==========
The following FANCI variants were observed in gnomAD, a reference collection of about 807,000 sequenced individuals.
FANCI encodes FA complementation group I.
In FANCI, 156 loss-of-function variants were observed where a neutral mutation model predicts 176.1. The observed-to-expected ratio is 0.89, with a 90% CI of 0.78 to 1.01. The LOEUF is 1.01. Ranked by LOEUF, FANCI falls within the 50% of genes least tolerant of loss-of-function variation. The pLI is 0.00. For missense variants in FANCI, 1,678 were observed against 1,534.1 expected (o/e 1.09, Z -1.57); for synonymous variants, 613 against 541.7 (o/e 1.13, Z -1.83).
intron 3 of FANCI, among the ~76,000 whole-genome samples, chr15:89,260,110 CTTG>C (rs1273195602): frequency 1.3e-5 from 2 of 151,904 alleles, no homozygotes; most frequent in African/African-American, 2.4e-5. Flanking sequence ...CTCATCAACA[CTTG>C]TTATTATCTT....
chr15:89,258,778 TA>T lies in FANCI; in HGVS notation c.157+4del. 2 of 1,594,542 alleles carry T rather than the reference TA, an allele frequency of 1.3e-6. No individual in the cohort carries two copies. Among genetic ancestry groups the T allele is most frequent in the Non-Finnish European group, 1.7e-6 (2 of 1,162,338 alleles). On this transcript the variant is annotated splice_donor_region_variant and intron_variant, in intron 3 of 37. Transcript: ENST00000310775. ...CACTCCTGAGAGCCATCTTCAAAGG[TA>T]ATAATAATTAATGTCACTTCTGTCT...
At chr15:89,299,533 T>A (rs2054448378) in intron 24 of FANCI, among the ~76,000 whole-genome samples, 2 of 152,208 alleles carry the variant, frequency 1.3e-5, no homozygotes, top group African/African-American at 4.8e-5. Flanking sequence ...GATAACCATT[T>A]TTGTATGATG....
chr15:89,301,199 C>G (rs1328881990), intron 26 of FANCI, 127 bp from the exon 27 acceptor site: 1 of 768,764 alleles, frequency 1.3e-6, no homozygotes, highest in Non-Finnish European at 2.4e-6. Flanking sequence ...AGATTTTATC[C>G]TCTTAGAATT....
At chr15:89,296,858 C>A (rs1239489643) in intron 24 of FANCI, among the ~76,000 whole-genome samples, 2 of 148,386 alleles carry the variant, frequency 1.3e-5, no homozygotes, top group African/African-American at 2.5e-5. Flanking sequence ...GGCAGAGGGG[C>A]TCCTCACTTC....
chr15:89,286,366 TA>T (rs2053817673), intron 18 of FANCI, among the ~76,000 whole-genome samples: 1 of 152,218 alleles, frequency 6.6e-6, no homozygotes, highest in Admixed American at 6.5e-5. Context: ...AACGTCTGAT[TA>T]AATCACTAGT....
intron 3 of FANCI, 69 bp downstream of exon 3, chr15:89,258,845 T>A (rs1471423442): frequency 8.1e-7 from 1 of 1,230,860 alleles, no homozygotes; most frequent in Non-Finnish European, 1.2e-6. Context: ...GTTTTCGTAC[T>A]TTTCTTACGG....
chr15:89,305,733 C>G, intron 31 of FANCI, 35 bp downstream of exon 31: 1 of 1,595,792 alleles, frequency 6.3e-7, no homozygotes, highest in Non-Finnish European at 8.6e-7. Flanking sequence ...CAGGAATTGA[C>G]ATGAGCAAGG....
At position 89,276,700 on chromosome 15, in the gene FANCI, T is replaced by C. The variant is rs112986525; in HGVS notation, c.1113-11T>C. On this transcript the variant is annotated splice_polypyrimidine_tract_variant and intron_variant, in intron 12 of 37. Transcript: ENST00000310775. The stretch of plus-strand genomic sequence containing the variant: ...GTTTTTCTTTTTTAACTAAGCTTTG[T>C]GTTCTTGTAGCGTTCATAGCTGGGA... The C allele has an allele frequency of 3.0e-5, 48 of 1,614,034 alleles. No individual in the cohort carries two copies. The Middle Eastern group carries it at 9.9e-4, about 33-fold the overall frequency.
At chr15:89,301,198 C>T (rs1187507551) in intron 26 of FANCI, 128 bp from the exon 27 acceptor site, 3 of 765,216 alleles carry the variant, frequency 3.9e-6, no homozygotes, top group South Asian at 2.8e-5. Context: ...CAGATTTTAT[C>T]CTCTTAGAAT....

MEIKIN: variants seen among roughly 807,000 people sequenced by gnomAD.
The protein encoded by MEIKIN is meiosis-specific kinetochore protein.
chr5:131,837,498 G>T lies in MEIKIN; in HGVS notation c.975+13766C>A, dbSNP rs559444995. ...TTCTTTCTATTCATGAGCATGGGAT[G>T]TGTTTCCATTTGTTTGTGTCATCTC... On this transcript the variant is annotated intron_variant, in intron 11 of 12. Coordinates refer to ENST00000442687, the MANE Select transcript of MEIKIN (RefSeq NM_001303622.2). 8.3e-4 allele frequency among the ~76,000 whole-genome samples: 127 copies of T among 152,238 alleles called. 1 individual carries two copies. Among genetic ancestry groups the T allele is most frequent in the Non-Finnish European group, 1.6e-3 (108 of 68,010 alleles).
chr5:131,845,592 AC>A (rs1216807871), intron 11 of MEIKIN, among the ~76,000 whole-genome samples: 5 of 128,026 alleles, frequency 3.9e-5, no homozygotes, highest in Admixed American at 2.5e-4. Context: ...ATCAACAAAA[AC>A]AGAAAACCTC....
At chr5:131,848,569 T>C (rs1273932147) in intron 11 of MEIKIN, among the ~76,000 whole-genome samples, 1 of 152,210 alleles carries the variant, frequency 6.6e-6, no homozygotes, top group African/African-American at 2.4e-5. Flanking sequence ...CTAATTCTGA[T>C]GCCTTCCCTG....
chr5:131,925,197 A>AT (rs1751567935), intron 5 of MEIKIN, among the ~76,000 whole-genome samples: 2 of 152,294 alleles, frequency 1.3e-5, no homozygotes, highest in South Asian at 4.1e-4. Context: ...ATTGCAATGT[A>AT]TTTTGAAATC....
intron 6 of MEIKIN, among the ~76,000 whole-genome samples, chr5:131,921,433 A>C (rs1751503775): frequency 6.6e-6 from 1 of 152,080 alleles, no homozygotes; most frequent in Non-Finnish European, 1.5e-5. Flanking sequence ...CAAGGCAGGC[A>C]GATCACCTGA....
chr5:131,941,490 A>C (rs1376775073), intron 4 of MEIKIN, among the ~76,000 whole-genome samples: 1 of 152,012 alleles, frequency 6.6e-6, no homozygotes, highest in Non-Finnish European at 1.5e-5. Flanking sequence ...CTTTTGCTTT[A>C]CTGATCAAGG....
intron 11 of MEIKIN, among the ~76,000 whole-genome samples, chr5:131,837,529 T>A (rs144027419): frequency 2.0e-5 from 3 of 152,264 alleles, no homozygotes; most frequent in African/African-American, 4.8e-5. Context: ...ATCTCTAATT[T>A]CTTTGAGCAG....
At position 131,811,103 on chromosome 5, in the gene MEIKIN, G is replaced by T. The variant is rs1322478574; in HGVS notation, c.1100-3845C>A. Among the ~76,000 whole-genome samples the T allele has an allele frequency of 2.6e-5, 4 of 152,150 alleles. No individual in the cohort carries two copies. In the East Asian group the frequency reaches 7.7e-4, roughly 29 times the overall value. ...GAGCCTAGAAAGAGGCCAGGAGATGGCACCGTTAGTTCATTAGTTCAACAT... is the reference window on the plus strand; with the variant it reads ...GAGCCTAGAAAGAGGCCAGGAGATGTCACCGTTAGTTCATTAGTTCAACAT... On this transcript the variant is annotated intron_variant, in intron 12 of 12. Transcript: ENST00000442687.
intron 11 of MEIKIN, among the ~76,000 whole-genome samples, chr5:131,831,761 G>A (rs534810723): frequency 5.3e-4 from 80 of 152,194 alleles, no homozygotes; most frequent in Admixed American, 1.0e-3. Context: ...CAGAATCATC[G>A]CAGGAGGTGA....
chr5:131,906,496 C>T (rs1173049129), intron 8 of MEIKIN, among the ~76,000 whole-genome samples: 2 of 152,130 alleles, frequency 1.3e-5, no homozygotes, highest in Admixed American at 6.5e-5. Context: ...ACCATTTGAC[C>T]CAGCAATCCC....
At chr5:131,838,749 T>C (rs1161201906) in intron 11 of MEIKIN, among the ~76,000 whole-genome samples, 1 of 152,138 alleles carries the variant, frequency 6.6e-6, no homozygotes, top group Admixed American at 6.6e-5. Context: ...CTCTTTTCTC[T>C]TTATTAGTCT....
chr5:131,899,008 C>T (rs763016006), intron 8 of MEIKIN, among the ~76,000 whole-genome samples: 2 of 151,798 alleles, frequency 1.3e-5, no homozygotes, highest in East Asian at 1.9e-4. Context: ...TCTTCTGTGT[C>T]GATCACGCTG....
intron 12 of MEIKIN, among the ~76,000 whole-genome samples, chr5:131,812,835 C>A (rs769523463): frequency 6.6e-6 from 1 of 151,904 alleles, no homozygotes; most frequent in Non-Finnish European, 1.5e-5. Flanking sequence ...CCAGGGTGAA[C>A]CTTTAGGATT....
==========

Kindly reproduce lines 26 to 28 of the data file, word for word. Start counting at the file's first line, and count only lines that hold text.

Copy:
At chr5:131,838,749 T>C (rs1161201906) in intron 11 of MEIKIN, among the ~76,000 whole-genome samples, 1 of 152,138 alleles carries the variant, frequency 6.6e-6, no homozygotes, top group Admixed American at 6.6e-5. Context: ...CTCTTTTCTC[T>C]TTATTAGTCT....
chr5:131,899,008 C>T (rs763016006), intron 8 of MEIKIN, among the ~76,000 whole-genome samples: 2 of 151,798 alleles, frequency 1.3e-5, no homozygotes, highest in East Asian at 1.9e-4. Context: ...TCTTCTGTGT[C>T]GATCACGCTG....
intron 12 of MEIKIN, among the ~76,000 whole-genome samples, chr5:131,812,835 C>A (rs769523463): frequency 6.6e-6 from 1 of 151,904 alleles, no homozygotes; most frequent in Non-Finnish European, 1.5e-5. Flanking sequence ...CCAGGGTGAA[C>A]CTTTAGGATT....